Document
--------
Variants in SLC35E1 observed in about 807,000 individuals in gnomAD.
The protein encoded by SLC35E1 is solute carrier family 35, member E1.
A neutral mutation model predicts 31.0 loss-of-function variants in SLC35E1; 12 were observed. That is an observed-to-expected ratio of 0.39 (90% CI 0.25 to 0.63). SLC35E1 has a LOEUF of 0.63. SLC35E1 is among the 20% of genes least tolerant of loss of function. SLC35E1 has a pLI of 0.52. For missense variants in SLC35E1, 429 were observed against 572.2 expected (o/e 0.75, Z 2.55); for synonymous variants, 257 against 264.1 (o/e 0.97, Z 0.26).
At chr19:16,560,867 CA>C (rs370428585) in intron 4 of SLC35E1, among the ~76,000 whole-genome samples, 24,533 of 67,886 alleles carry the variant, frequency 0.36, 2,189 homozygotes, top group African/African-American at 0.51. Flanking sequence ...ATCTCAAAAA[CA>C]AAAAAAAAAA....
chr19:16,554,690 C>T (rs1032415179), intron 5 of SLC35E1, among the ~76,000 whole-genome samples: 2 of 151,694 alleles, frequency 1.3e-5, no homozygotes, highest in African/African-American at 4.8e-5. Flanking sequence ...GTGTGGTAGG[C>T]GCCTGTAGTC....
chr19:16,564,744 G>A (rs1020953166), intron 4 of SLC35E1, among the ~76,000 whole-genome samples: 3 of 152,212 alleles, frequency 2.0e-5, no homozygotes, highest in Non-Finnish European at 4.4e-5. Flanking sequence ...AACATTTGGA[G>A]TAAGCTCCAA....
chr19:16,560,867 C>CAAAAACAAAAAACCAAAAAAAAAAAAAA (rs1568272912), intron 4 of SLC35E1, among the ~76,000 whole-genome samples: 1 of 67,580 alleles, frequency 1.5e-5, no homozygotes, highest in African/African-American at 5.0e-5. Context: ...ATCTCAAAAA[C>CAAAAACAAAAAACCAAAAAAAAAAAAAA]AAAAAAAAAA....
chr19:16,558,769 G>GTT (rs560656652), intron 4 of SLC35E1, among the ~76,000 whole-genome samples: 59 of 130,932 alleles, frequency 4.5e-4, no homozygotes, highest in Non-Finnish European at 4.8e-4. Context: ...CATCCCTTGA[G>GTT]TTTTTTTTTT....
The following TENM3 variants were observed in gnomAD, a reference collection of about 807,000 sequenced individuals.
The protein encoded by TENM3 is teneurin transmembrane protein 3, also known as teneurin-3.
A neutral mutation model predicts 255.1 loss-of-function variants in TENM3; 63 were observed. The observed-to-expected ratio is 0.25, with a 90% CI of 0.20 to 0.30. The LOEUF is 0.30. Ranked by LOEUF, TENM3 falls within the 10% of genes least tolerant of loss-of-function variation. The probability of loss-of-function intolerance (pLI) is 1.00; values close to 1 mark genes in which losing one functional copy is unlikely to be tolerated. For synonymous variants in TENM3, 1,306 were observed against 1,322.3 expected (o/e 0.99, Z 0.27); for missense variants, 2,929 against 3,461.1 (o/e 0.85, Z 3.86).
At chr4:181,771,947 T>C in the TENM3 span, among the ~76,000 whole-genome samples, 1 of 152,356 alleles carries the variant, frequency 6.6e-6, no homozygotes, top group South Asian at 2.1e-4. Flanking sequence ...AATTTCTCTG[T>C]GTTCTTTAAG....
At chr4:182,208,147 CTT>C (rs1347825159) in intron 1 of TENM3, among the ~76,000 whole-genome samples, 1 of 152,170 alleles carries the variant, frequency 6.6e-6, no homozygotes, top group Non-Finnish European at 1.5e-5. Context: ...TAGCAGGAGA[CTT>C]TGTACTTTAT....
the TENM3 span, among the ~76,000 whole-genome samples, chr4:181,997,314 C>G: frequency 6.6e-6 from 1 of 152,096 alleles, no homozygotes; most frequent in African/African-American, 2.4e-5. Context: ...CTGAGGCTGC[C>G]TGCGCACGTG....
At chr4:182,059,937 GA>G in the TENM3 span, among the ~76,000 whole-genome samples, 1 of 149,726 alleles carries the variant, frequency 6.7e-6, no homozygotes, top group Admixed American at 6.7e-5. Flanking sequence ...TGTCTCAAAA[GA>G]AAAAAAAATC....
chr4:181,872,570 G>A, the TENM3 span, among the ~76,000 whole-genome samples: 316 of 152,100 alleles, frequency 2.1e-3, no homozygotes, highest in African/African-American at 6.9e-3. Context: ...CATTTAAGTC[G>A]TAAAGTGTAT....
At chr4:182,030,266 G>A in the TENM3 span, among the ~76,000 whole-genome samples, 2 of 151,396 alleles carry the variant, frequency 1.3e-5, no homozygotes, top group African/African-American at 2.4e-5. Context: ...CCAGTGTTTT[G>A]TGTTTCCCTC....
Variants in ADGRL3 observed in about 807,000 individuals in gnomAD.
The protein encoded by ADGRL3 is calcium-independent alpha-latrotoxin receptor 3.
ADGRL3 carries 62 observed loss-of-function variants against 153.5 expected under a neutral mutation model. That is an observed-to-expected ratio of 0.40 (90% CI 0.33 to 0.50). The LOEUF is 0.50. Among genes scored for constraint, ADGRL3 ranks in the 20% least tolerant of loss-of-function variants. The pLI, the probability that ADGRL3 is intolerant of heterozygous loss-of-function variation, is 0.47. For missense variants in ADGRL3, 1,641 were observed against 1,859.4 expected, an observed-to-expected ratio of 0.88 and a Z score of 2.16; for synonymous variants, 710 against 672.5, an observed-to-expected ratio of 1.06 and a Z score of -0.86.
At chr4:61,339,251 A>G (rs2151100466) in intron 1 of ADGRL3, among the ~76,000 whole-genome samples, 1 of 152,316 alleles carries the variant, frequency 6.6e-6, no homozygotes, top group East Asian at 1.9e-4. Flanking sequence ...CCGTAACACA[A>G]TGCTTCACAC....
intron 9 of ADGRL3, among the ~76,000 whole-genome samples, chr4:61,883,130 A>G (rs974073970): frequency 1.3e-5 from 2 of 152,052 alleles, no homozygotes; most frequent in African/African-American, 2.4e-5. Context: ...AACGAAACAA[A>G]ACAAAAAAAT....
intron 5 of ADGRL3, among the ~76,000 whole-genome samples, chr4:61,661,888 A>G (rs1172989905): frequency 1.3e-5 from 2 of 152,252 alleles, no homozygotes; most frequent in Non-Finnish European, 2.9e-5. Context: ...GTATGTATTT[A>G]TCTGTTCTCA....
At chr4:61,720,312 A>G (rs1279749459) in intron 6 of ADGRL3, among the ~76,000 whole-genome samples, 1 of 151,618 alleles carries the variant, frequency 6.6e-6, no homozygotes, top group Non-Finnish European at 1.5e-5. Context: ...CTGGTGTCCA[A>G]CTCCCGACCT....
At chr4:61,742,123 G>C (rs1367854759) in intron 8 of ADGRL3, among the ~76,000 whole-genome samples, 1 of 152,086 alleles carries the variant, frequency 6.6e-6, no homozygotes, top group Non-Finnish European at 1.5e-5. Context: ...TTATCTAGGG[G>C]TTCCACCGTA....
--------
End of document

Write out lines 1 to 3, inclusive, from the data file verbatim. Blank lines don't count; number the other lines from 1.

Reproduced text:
Variants in SLC35E1 observed in about 807,000 individuals in gnomAD.
The protein encoded by SLC35E1 is solute carrier family 35, member E1.
A neutral mutation model predicts 31.0 loss-of-function variants in SLC35E1; 12 were observed. That is an observed-to-expected ratio of 0.39 (90% CI 0.25 to 0.63). SLC35E1 has a LOEUF of 0.63. SLC35E1 is among the 20% of genes least tolerant of loss of function. SLC35E1 has a pLI of 0.52. For missense variants in SLC35E1, 429 were observed against 572.2 expected (o/e 0.75, Z 2.55); for synonymous variants, 257 against 264.1 (o/e 0.97, Z 0.26).